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The Traveller's Magazine
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Spending the long Easter holidays in France this year? Whether you’re heading straight for the capital or are counting the days before seeing the Cote d’Azur for the first time this year, there are just some things that you must do on a French holiday. Grab your beret and baguette and allez!

Eat at a Parisian bistro

Is there anything for typically French than lunching at a Parisian café? Now that spring has arrived you can bet the bistros will be spilling out the doors and onto the streets. Bistros are small, informal restaurants that can get really busy at lunch time. Grab a free table and ask the waiter about the menu of the day. Enjoy it with a bottle of house wine. Service won’t be what you’re used to at your local gastro pub, don’t take it personal.

Bistro

Cycle parts of the Tour de France

Are you a big fan of Le Tour? Then plan yourself a cycle holiday! Choose a leg of the race that matches your fitness level and pedal your heart out. The 207km leg from Visé to Tournai in Belgium is fairly flat, as is the leg from Orchies to Boulogne sur Mer with some small hills. For some classically French countryside, tackle the route from Epernay (Champagne) to Metz in the Lorraine region.

Cycling

Toast to the Queen’s health in Champagne

Convinced by our 5 reasons to go abroad this summer? Don’t miss out on the spirit of the Jubilee and toast to the Queen’s health with a glass of champagne in… Champagne! You can tour the big house names like Champagne Mumm and Mercier but the best champagne comes from the small lot houses in the countryside that don’t often get exported abroad. Designate a driver and taste your way around the region!

Champagne

Cruise down the Three Corniches

These three roads are without a doubt among the most scenic routes in Europe. More than 30km long, they run from Nice to Monaco and on to Menton, right on the Italian border. We recommend the Grande Corniche, built by Napoleon and follows the Roman Aurelian Way. It’s the highest of the three roads and has plenty of lay-bys for stopping and enjoying the views. The Basse Corniche is the best option if you want to stop at beaches along the way, it’s the old coastal route. Don’t forget, beach holidays don’t have to be lazy.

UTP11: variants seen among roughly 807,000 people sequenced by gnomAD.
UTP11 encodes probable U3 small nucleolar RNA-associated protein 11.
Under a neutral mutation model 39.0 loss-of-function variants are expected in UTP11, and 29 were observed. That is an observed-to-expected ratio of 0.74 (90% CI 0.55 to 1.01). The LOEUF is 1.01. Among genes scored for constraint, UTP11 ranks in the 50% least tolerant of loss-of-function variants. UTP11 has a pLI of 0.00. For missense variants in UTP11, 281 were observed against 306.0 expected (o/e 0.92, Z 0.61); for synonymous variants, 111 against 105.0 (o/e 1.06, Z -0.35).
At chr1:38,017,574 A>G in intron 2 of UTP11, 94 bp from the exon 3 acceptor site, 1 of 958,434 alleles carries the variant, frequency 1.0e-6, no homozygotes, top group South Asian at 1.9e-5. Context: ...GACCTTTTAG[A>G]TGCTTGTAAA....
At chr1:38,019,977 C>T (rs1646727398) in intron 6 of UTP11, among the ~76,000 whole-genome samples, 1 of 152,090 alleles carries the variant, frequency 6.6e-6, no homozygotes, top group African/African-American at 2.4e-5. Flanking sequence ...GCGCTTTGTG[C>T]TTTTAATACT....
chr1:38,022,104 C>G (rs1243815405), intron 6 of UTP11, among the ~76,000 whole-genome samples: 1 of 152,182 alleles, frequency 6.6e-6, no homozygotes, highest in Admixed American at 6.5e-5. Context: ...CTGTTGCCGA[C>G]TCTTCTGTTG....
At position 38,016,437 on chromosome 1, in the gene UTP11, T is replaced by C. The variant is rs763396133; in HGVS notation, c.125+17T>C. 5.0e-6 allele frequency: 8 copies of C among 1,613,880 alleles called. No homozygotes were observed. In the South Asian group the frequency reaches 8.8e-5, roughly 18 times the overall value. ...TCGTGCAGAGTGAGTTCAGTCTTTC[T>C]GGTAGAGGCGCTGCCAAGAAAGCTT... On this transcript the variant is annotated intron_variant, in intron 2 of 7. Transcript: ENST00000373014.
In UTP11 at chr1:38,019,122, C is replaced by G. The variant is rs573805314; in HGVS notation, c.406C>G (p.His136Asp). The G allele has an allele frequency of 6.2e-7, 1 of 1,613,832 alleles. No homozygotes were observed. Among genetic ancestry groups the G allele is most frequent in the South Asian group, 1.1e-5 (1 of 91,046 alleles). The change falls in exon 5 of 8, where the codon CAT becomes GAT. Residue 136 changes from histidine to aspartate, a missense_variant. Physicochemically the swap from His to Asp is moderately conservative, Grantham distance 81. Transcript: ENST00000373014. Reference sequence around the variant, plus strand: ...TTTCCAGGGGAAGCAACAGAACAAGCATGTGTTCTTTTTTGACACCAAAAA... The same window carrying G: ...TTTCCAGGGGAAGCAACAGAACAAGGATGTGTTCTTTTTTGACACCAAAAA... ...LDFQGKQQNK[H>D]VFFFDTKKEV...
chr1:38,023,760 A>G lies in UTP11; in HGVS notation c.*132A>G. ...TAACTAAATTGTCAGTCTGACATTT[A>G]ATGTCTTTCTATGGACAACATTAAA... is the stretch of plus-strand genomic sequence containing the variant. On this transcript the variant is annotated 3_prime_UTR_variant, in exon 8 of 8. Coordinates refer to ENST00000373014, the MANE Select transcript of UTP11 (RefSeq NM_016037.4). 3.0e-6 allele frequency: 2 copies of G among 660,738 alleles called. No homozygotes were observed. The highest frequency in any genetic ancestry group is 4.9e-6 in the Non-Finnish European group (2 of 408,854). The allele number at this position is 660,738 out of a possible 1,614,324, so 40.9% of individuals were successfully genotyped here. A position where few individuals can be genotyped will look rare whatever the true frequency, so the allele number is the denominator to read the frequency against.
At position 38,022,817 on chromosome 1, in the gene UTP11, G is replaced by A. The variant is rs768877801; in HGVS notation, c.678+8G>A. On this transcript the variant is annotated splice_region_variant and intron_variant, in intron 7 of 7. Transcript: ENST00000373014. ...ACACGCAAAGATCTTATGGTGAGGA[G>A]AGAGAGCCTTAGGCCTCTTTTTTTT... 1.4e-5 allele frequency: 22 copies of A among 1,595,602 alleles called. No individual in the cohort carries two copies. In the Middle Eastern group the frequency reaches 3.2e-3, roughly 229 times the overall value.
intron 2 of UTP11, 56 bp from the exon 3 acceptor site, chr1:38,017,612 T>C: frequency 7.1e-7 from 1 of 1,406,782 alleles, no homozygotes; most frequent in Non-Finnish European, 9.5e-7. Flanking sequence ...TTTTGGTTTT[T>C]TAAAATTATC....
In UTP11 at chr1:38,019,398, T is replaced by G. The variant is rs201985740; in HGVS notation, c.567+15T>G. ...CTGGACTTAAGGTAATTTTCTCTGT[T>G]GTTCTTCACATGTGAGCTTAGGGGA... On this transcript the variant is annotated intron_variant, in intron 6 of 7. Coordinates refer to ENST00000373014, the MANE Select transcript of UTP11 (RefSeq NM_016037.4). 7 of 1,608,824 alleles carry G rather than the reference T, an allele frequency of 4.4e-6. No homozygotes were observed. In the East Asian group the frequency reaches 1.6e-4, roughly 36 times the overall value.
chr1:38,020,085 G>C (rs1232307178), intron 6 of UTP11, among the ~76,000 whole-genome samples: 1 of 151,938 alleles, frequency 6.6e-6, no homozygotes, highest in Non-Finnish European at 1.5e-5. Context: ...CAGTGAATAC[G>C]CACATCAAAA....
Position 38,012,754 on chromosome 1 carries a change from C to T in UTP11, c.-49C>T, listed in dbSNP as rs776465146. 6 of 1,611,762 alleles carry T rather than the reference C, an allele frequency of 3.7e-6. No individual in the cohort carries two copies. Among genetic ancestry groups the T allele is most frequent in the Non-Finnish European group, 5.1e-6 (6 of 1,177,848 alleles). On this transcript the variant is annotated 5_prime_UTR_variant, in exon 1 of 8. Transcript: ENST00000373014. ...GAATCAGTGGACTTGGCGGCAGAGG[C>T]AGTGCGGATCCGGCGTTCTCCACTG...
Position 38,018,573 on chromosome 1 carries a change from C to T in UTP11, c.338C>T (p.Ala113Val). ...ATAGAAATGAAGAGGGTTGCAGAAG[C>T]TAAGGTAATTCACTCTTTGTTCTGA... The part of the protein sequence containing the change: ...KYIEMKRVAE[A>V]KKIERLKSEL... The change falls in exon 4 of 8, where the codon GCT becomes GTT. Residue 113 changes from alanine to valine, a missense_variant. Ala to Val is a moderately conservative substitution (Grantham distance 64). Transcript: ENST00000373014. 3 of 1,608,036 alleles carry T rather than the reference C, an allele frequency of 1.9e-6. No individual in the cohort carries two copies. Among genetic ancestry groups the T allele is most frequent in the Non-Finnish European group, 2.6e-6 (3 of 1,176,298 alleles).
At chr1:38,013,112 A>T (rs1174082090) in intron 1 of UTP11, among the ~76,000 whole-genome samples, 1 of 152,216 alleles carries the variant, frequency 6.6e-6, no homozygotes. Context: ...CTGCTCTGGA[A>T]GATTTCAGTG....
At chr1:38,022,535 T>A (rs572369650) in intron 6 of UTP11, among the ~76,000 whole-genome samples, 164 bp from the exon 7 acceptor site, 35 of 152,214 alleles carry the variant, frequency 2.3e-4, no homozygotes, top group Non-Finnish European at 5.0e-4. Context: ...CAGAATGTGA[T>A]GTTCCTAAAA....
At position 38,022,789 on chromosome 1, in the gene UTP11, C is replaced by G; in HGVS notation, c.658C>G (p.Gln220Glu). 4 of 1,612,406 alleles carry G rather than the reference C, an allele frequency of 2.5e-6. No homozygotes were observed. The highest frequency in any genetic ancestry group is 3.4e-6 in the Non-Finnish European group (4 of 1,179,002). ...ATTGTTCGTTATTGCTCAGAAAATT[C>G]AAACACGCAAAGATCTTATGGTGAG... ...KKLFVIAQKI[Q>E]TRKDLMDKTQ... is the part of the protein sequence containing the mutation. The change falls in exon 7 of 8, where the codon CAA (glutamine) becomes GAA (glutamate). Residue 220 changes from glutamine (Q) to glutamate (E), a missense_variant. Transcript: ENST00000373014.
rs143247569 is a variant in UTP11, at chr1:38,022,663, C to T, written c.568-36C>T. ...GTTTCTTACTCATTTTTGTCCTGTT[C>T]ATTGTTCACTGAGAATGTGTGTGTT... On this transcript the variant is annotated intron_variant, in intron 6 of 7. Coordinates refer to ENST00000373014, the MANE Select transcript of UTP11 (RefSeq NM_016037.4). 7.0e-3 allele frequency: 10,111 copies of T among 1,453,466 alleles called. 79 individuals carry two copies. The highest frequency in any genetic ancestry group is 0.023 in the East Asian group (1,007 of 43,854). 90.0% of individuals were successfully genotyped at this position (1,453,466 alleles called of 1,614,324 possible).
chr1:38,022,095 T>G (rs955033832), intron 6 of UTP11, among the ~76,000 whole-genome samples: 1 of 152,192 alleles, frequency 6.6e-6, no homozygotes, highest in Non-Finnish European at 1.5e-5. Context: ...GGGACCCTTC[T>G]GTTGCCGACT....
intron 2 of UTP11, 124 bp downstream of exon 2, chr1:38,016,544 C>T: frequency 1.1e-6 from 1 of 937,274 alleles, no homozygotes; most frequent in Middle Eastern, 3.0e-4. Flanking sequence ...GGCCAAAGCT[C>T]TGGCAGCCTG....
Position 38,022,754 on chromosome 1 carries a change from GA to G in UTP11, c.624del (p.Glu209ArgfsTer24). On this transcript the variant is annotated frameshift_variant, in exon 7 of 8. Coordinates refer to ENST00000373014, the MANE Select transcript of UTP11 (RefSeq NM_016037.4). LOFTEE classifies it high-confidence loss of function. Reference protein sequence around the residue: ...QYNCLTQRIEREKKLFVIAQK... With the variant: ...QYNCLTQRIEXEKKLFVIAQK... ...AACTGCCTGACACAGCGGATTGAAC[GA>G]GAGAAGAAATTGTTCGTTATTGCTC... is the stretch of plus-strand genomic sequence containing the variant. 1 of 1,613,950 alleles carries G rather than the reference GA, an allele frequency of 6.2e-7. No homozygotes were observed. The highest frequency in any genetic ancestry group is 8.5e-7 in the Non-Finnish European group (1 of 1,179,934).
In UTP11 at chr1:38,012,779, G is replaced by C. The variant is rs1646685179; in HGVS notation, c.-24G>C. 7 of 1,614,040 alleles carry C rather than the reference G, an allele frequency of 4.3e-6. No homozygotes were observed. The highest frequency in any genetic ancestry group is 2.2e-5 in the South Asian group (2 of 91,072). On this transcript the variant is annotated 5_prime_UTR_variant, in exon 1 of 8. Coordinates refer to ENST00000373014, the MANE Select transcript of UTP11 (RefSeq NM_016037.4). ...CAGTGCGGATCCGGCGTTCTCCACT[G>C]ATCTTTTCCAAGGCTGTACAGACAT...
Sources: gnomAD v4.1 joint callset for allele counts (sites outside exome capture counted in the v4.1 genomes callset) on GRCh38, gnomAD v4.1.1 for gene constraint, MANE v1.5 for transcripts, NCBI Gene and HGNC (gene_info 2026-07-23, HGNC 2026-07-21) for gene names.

Corniches

Eat your heart out at the markets

One thing that is certain when you plan holidays in France: you’re going to eat like a king. The best place to find the freshest produce is of course at the markets. Sniff out the best black truffles, the tastiest Camembert and the best Brie… Every region serves up something a little different at the markets by the best by far are in Aix-en-Provence and Carpentras: simply delicious!

French markets

Travelling to France this year? What are your favourite French experiences?

Imgs: risastla, Greenwich Photography, fhwrdh, e_calamar, sylvain_beauchamps / Flickr cc.

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2 responses to “Le Week-end: the ABC’s of a French holiday

  1. Bistro is definitely one, but beware of the numerous traps of Paris with this. I’d avoid rude bistros of Ile-Saint-Louis and of course the fake ones of Rue de la huchette (can’t believe tourists still get caught! They serve frozen food there) – go EAST, along the canals. One of my local’s fav: Le Bastringue, in Paris 19

    1. Hey!!
      Le Bastringue is noted for the next time I’m in Paris (already dreaming of delicious French foods)! Always good to know which bistros to avoid, thanks for the recommendations and tips Coralie! 😉

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